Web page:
A massive Minotaur IV rocket, made with parts from old nuclear missiles, just sent an important payload into orbit.
Yet another rocket blasted off from Cape Canaveral in Florida on Saturday, but this was not your typical rocket in several ways. First, it was powered with parts from decommissioned Cold War-era nuclear missiles, and second, it was carrying an incredible payload that will provide the Air Force with a satellite capable of tracking threats to military spacecraft.
Orbital ATK’s Minotaur IV rocket launched from Launch Complex 46 using Peacekeeper intercontinental ballistic missile motors. The $87.5 million mission will send a satellite high above the geostationary orbit to survey the “GEO belt,” where many important national security satellites are operating.
The launch happened in the early morning hours of Aug. 26, and just 28 minutes later, the satellite was deployed 372 miles above Earth.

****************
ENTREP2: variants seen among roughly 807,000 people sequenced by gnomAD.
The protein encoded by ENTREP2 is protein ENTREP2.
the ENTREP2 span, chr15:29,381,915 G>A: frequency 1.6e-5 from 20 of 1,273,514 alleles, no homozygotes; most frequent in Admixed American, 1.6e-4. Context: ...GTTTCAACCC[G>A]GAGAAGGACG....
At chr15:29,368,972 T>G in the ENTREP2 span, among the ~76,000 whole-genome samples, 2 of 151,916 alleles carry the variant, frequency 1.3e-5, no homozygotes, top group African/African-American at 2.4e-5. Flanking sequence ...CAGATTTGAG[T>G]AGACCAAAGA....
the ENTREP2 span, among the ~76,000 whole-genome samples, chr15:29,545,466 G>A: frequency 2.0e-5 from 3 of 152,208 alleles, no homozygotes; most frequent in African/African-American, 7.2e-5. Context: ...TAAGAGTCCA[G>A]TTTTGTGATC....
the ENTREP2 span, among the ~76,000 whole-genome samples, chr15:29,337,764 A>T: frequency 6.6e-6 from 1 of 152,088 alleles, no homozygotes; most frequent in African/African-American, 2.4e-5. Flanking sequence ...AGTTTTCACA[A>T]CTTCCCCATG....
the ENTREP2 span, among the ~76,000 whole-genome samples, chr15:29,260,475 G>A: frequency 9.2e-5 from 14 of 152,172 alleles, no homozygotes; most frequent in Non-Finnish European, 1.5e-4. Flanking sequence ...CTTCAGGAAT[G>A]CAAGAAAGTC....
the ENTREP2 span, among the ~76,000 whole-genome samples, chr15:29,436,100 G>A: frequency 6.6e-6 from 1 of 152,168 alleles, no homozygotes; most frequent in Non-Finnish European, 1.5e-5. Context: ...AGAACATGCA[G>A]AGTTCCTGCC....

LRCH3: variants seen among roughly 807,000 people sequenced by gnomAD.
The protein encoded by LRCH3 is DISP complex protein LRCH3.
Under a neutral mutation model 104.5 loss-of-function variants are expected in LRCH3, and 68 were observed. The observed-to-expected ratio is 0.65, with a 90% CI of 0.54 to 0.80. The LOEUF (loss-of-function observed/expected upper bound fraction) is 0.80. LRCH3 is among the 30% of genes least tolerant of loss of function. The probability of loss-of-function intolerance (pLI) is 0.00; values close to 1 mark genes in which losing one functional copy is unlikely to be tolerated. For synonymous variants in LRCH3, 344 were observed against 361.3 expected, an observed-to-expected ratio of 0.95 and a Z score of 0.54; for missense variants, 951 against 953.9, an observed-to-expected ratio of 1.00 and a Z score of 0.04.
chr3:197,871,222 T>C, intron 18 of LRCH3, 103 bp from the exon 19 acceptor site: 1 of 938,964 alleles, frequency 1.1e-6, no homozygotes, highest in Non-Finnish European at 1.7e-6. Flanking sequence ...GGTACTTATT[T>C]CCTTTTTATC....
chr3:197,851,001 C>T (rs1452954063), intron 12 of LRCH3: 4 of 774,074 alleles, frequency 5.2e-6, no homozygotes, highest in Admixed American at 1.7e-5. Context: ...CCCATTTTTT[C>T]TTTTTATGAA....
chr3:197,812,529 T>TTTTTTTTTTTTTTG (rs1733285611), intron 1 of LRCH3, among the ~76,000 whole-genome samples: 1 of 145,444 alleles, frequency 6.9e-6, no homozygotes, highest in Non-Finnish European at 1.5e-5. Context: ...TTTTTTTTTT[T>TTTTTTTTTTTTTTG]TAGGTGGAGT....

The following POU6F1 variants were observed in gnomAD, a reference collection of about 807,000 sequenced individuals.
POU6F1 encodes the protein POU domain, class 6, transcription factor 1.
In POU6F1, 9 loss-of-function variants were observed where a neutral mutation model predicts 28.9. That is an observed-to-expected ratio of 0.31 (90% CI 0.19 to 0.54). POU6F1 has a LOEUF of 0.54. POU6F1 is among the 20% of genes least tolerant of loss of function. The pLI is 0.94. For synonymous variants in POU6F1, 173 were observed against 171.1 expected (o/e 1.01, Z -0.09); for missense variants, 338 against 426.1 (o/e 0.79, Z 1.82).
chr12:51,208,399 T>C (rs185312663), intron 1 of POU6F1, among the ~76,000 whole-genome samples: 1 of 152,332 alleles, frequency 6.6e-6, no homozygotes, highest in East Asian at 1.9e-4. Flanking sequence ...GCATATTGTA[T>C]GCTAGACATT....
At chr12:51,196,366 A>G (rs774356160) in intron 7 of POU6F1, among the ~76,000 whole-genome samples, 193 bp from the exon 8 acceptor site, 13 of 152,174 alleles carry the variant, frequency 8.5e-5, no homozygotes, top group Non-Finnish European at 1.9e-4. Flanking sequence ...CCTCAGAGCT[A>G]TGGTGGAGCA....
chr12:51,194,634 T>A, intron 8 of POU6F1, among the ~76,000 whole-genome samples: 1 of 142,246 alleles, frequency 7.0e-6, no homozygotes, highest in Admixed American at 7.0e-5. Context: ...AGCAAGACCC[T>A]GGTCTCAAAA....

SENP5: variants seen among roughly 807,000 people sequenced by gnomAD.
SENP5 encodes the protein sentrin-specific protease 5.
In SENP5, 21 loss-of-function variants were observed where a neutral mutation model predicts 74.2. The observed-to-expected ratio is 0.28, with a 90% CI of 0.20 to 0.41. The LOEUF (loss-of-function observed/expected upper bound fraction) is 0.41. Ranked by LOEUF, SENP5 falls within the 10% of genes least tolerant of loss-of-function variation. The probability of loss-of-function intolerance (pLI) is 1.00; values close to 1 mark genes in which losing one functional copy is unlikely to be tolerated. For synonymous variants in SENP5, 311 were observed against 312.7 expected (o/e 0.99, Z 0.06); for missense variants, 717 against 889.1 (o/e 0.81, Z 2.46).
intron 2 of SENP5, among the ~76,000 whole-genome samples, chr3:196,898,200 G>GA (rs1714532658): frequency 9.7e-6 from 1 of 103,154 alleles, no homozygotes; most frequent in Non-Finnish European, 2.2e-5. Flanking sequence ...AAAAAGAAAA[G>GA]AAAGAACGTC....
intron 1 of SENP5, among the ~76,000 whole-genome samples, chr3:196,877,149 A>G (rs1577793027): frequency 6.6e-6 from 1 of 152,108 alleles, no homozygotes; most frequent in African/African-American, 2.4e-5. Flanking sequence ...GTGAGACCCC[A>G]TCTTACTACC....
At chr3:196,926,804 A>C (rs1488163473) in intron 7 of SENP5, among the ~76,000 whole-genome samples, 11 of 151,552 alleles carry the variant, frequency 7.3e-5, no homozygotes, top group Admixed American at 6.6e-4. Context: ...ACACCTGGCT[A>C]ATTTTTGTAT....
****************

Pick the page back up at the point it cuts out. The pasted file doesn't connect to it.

“Orbital ATK (NYSE: OA), a global leader in aerospace and defense technologies, announced its Minotaur IV space launch vehicle successfully launched and placed into orbit the U.S. Air Force’s Operationally Responsive Space-5 (ORS-5) spacecraft on August 26, 2017,” the company said in a statement. “The Minotaur IV launched from Cape Canaveral Air Force Station’s Space Launch Complex 46 (SLC-46), which is operated under license by Space Florida. This mission marks the 26th consecutive successful launch for the company’s Minotaur product line.
“The rocket’s first stage ignited at 2:04 a.m. (EDT). Approximately 28 minutes later, the Minotaur IV deployed the ORS-5 satellite into its targeted low inclination orbit 372 miles (599 kilometers) above the earth. From this orbit, ORS-5 will deliver timely, reliable and accurate space situational awareness information to the United States Strategic Command through the Joint Space Operations Center.”